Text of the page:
Israel’s new UK ambassador has pledged to be an ambassador for “the whole Jewish community with all its streams” as she tackled for the first time concerns that led to calls for her appointment to be blocked.
Former settlements minister Tzipi Hotovely has previously attracted the ire of Reform leaders in America and the former leader of Reform Judaism in the UK insisted her views were “in strong contrast” to those of her movement, in an unprecedented warning ahead of the 42-year-old’s arrival in the UK two months ago.
“I have all denominations in my meetings,” she said in a wide-ranging interview with the Jewish News. “In order to have a dialogue, you need to listen and learn about people’s concerns and what they care about. This is a benefit of being an ambassador, I can listen instead of just talking as politicians usually do. Everyone has a way to bring good to Israel-British Jewry relations.
“I’m on a journey to get to know people and exposing myself to all. I’m trying to represent the entire of Israel and not a certain sector. I’ll be an ambassador not just to the UK but also the whole Jewish community with all its streams. I’ve been glad at the warm reception I’ve had in meetings.”
The mother of three young daughters and first female Israeli ambassador here is keen to explore the issue of female leadership and from a “warm” conversation with Liberal Judaism chiefs last week, she said, emerged an idea she “loves” to specifically interact with female rabbis.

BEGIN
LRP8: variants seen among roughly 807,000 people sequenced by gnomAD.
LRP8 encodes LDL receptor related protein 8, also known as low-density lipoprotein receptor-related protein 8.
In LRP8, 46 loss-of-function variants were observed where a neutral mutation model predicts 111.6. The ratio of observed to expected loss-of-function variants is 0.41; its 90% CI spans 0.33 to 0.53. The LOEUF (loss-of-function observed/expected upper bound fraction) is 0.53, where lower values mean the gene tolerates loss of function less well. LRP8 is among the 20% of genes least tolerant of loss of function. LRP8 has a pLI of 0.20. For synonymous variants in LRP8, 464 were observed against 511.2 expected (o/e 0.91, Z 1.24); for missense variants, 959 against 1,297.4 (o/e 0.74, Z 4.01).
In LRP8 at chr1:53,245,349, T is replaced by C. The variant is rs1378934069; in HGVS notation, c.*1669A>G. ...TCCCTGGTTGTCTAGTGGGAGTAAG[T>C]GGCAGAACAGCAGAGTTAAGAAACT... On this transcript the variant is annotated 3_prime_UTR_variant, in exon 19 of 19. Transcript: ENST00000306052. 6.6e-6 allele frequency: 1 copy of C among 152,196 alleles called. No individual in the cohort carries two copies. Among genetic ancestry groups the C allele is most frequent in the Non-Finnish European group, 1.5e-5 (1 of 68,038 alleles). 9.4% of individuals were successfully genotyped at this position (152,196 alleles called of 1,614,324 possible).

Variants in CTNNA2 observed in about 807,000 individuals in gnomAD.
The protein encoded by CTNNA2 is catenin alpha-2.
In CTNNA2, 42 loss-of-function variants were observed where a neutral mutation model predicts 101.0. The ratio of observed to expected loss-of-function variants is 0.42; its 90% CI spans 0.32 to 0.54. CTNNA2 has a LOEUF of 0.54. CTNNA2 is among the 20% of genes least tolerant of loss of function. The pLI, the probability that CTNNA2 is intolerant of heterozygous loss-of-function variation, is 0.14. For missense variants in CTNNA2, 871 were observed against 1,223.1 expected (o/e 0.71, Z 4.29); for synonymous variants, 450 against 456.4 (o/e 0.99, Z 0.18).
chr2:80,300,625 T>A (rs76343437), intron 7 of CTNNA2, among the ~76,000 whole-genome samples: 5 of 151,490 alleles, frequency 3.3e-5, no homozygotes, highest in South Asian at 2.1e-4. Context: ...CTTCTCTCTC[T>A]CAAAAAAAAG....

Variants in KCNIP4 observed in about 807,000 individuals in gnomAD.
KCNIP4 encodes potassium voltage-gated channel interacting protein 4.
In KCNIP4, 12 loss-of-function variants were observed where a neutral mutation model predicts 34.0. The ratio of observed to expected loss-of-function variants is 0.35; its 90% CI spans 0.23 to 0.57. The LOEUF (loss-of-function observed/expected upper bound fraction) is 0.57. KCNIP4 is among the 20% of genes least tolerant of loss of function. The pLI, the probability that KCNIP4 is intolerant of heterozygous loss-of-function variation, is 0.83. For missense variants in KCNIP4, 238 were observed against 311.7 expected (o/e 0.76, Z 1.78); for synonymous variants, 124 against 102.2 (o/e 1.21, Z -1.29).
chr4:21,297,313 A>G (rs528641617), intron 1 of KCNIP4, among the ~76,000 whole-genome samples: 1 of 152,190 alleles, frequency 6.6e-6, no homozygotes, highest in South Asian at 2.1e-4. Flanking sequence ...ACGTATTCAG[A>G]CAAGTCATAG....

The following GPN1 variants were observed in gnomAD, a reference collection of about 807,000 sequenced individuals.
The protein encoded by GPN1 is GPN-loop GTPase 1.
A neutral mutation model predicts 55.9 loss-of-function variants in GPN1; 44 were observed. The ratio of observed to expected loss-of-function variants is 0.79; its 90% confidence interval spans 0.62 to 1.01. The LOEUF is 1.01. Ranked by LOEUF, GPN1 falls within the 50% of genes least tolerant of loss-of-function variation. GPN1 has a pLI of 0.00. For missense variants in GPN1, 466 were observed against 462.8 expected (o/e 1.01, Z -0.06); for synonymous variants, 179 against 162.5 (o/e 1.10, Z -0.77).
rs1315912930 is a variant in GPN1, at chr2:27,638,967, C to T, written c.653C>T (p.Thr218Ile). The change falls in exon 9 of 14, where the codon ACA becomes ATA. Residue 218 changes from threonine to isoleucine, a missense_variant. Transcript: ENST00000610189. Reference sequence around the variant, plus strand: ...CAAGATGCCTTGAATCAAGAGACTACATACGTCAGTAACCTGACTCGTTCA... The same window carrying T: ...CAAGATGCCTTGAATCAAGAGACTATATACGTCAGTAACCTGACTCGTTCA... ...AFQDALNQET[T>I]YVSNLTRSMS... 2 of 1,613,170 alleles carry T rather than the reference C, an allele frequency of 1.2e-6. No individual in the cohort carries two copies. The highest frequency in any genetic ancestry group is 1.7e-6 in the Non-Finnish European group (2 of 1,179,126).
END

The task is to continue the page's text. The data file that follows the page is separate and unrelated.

I’m trying to represent the entirety of Israel and not a certain sector. I’ll be an ambassador not just to the UK but also the whole Jewish community with all its streams
The close ally of Benjamin Netanyahu, who was the youngest MK when she entered the Knesset, is fully aware that her reputation precedes her. ‘You know my record as a politician with all my ideological thoughts,” says the ambassador. Nor does she try to whitewash controversial previous comments on non-Orthodox Judaism (she once accused Reform Jews of turning the issue of prayer at the Kotel into a political dispute) , settlements (strongly supportive) or the two-state solution (strongly opposed).
But, addressing for the first time concerns expressed by some British Jews, she said: “If people have criticism of the Israeli government it’s absolutely ok, it’s part of freedom of speech. I don’t represent my party here. I represent my country. Everyone has a political opinion but here I definitely know I’m serving my government and the people of Israel so I’m coming with a much broader perspective on every issue.”
Everyone has a political opinion but here I definitely know I’m serving my government and the people of Israel so I’m coming here with a much broader perspective on every issue
She added: “Britain is a very important diplomatic arena and sending a minister is a statement.”
So would she, for example, be holding back on her views that Israel is entitled to the entire West Bank – a scenario which would end all hopes for two states? “It’s easy to ask me that as a politician,” she said. “Now I’m respectful to the ambassador’s role. On pretty much whatever question, I can’t give my private position anymore. You can ask me maybe in the future when I’ll be a politician.” On annexation, a plan she had strongly backed, she wouldn’t say if she felt it should be enacted at some point in the future.
So would it be correct to suggest she’d left her personal views on such issues at the door of the El Al plane flight? “I don’t think that is the right way to see it,” the former deputy foreign minister says. “I don’t think there are too many differences between the way the prime minister thinks about many issues and my own ideological views.”